Die Rolls
I’m Better than That:  Spend point after the roll to raise the success level by one; for example raise a botch to failure or a failure to a success, etc.; cannot be used with damage rolls
Shiny and Chrome:  Spend point before roll for a +10 to the result; cannot be used with damage rolls
·     Fuck It:  Spend point and break a piece of essential equipment for a re-roll (equipment breaks after the roll, as the cast member uses it during the roll); further points may be spent to raise the success level or for a +10 to the roll

·    Other  
      Where Did That Come From?:  Spend point and have a piece of equipment to use that the character could reasonably had the opportunity to pack (or steal) and have on them at this point in time of the game

Sunday, September 13, 2015

Bodyguard of Lies

I'm working on a Conspiracy X supplement for Eden Studios Presents. My hope is to have it ready prior to, or during, the return of the X-Files tv series. As of this moment, I have two scenarios in development, an alternate alien invasion setting in development, and a few bobs & bits. I'm tentatively titling it ESP:  Bodyguard of Lies 4.

For the unawares, the Bodyguard of Lies series consists of three books, published for the first edition of the Conspiracy X game line. (there was also a GURPS edition) Each book contained different things.

  • BoL 1 has the widest variety of things:  new skills, credentials, traits, resources, an article on alternate weapon ranges, including alien technology with resource points, informational sources, fear and insanity rules, pool and loci manifestations, hazardous materials rules, and finally a mission titled Psi-Wars. The book is 124 pages total and the mission is 77 pages long.
  • BoL 2 starts with a short story and then moves on to new player characters, alchemy rules, skill defaults, skill categories, new traits, new trainings, revised skills for weapons skills, and a mission into the bayou named Mokole'. The book is 136 pages total and the mission is 71 pages long.
  • BoL 3 contains only two works:  an article on toxins and rules and a ready to run adventure titled Synergy. The book is 160 pages total and the adventure is 96 pages long.

All three are priced at $5.60 a piece on DriveThruRPG.com for Acrobat files of the books. You may be able to find print copies at Noble Knight Games or other retailers of used roleplaying game products.

In my opinion, if you are looking for ready to run scenario that you can use as is or modify for your group, these are good choices. However, Conspiracy X 2.0 roleplayers will need to convert the rules to 2.0 rules. This can easily be done with your own creativity or you can peruse Eden Studios Presents:  Volume One and see how Jason Little did it with his adventure, Tiger Eye. You may have received this book back in 2014 around Halloween when we gave it away for free. If you did not and do not yet own it, it's priced at $7.50 for the Acrobat file on DriveThruRPG.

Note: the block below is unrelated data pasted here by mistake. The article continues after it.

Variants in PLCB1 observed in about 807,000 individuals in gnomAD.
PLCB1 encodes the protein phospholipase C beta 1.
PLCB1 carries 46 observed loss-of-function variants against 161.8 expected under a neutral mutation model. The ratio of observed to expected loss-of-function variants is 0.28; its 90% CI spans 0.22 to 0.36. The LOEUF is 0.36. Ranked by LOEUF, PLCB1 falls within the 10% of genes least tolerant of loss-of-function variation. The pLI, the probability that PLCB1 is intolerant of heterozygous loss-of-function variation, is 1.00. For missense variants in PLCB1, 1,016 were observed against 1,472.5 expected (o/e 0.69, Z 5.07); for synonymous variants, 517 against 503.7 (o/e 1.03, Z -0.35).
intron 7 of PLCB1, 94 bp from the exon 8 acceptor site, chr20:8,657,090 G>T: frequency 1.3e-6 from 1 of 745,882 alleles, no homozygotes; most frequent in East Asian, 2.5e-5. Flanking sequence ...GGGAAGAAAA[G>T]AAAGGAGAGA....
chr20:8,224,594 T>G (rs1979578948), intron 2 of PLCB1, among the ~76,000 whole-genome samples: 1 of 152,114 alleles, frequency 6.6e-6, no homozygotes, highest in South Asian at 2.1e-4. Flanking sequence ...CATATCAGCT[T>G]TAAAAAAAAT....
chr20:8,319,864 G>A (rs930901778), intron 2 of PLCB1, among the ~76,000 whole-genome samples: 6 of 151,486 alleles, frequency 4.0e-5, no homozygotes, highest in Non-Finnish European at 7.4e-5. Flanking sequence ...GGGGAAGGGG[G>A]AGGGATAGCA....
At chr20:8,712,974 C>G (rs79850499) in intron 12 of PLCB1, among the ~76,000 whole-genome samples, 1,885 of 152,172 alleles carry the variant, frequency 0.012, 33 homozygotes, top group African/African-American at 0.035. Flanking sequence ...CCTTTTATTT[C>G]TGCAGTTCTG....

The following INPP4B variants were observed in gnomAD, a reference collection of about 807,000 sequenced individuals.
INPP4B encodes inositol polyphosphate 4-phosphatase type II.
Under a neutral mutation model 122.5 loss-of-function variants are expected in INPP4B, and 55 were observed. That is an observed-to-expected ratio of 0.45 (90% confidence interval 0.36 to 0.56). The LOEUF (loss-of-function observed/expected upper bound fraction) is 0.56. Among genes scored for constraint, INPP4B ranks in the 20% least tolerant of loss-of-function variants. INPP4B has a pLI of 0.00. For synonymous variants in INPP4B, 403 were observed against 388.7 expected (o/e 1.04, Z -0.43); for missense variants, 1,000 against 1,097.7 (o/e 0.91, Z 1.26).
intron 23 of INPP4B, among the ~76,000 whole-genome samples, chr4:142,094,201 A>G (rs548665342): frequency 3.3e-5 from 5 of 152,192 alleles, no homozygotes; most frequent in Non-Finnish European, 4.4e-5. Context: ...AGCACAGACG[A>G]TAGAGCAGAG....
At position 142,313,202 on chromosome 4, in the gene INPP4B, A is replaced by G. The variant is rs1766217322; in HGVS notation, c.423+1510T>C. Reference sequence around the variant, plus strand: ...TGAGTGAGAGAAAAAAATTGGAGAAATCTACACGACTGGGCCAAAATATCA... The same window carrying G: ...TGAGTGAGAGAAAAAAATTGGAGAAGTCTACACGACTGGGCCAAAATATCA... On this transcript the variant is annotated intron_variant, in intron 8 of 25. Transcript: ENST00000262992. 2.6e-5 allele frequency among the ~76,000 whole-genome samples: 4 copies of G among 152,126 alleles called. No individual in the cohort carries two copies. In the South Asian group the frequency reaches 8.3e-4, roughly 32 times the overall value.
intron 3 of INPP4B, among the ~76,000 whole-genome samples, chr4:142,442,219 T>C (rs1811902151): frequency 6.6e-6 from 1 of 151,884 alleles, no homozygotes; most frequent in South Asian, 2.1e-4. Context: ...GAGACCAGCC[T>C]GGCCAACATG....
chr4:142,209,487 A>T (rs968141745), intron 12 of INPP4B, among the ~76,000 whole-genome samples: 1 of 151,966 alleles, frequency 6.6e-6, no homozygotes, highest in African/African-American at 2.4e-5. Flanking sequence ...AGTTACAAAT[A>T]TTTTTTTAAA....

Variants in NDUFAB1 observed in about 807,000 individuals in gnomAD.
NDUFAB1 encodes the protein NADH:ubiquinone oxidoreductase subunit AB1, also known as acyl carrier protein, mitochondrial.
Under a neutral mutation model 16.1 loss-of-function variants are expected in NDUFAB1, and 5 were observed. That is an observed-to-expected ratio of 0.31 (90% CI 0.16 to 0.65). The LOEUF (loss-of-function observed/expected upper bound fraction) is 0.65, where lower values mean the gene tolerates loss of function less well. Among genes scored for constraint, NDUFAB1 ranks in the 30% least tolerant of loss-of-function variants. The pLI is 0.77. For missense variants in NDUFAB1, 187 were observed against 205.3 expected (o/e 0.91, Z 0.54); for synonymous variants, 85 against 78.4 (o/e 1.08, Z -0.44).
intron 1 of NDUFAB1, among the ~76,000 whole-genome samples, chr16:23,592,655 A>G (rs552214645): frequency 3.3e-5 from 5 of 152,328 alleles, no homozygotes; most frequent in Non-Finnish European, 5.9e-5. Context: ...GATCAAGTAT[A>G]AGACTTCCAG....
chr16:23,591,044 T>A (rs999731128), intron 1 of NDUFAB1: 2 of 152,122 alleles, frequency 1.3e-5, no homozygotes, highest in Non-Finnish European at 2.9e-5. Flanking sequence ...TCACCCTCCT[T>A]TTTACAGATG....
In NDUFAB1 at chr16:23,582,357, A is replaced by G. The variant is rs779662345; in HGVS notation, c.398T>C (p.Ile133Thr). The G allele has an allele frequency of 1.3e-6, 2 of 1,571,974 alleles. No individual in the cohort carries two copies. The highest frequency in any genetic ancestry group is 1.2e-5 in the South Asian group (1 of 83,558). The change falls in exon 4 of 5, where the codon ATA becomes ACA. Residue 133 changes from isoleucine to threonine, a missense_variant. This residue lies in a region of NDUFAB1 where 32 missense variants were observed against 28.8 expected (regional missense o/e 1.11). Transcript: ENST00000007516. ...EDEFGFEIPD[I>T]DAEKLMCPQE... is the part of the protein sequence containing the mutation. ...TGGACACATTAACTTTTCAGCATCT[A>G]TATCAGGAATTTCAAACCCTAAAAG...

So, back to BoL 4. If there's anything you'd like to contribute, let me know. I'm looking at an October 31st deadline for writers.

If you are thinking of writing a scenario, here is the general outline you can use. If you need our style guide, let me know and I can email it to you.

·         Chapter One:  Introduction
o   Intro blurb
o   Chapter Summary
o   How to Use
o   Synopsis:  Outlines the background of entire mission in one place for ease of understanding. While Directors should read the entire module before running it, this section provides a basic overview of the goal of the mission and what has gone before.
·         Chapter Two:  Catalyst describes the events that draw the agents into the adventure. Opening scenes and continuing afflictions are detailed. The agents soon realize that ignoring the warning signs gets more dangerous as more time passes.
·         Chapter Three:  Investigation presents all the information characters may uncover through pulling strings, sources, research, and legwork. The information is organized in a series of bulletins about each aspect of the mission, rather than a set pattern of encounters. The Director is expected to determine what particular information is uncovered depending on the particular path and success of the agents’ investigation. Summaries of the groups involved are located in this chapter; providing the Director with background information on their actions and motives should the agents interact with them.
·         Chapter Four:  Conflicts & Obstacles lists a series of possible events and encounters the Director can use at any time or certain prescribed times to impede or aid the agents. These events and encounters do not always relate to the adventure. Others are only loosely tied to the plot. This is the Director’s change to throw in red herrings should the characters be advancing too quickly.
·         Chapter Five:  Climax & Resolution is a combined section since the climax of the adventure generally leads to the resolution. This climactic event is designed to spark the agents toward dramatic resolution of the situation. While the events may differ slightly from group to group, it will typically involve the same basic elements. Resolution also describes the probable results dependent on the agents’ actions and successes.
           Chapter Six:  Supplemental Investigations reveals a series of further adventures that could transform this adventure into a full-fledged campaign. Allowing characters to explore related topics and events, and interweaving plot threads suggested in other books greatly extends the adventure.